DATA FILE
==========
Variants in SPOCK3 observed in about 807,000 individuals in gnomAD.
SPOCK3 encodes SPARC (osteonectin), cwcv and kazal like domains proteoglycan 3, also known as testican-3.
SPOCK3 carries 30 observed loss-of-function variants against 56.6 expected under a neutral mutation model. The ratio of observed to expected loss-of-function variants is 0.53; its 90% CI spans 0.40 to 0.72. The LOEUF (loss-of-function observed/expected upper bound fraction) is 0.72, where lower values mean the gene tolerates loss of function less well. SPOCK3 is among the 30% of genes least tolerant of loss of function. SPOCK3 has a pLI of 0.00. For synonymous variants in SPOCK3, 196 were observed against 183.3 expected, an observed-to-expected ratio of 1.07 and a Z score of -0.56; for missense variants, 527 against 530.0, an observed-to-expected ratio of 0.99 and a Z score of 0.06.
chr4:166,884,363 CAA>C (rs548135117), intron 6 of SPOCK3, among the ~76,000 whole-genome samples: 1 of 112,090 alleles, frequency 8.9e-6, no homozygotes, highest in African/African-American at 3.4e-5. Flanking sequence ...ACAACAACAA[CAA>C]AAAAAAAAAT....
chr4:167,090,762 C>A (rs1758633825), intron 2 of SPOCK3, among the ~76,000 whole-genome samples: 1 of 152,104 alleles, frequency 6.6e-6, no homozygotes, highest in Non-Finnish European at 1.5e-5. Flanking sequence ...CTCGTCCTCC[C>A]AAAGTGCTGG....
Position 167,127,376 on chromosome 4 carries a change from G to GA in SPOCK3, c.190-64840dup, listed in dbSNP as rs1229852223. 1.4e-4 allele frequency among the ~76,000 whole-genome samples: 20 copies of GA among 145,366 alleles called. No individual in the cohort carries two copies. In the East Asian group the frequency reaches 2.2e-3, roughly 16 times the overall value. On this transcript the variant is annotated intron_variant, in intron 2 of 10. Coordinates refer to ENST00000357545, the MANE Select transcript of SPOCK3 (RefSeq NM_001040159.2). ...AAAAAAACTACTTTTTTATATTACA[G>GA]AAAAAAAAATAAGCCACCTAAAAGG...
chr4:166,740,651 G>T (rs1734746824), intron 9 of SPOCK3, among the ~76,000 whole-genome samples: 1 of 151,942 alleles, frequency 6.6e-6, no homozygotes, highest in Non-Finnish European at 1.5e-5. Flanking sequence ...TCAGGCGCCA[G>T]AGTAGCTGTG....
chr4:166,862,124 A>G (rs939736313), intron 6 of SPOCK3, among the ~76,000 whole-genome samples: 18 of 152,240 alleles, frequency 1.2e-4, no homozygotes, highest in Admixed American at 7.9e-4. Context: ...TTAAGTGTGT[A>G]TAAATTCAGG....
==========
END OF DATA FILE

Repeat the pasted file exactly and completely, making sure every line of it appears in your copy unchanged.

Variants in SPOCK3 observed in about 807,000 individuals in gnomAD.
SPOCK3 encodes SPARC (osteonectin), cwcv and kazal like domains proteoglycan 3, also known as testican-3.
SPOCK3 carries 30 observed loss-of-function variants against 56.6 expected under a neutral mutation model. The ratio of observed to expected loss-of-function variants is 0.53; its 90% CI spans 0.40 to 0.72. The LOEUF (loss-of-function observed/expected upper bound fraction) is 0.72, where lower values mean the gene tolerates loss of function less well. SPOCK3 is among the 30% of genes least tolerant of loss of function. SPOCK3 has a pLI of 0.00. For synonymous variants in SPOCK3, 196 were observed against 183.3 expected, an observed-to-expected ratio of 1.07 and a Z score of -0.56; for missense variants, 527 against 530.0, an observed-to-expected ratio of 0.99 and a Z score of 0.06.
chr4:166,884,363 CAA>C (rs548135117), intron 6 of SPOCK3, among the ~76,000 whole-genome samples: 1 of 112,090 alleles, frequency 8.9e-6, no homozygotes, highest in African/African-American at 3.4e-5. Flanking sequence ...ACAACAACAA[CAA>C]AAAAAAAAAT....
chr4:167,090,762 C>A (rs1758633825), intron 2 of SPOCK3, among the ~76,000 whole-genome samples: 1 of 152,104 alleles, frequency 6.6e-6, no homozygotes, highest in Non-Finnish European at 1.5e-5. Flanking sequence ...CTCGTCCTCC[C>A]AAAGTGCTGG....
Position 167,127,376 on chromosome 4 carries a change from G to GA in SPOCK3, c.190-64840dup, listed in dbSNP as rs1229852223. 1.4e-4 allele frequency among the ~76,000 whole-genome samples: 20 copies of GA among 145,366 alleles called. No individual in the cohort carries two copies. In the East Asian group the frequency reaches 2.2e-3, roughly 16 times the overall value. On this transcript the variant is annotated intron_variant, in intron 2 of 10. Coordinates refer to ENST00000357545, the MANE Select transcript of SPOCK3 (RefSeq NM_001040159.2). ...AAAAAAACTACTTTTTTATATTACA[G>GA]AAAAAAAAATAAGCCACCTAAAAGG...
chr4:166,740,651 G>T (rs1734746824), intron 9 of SPOCK3, among the ~76,000 whole-genome samples: 1 of 151,942 alleles, frequency 6.6e-6, no homozygotes, highest in Non-Finnish European at 1.5e-5. Flanking sequence ...TCAGGCGCCA[G>T]AGTAGCTGTG....
chr4:166,862,124 A>G (rs939736313), intron 6 of SPOCK3, among the ~76,000 whole-genome samples: 18 of 152,240 alleles, frequency 1.2e-4, no homozygotes, highest in Admixed American at 7.9e-4. Context: ...TTAAGTGTGT[A>G]TAAATTCAGG....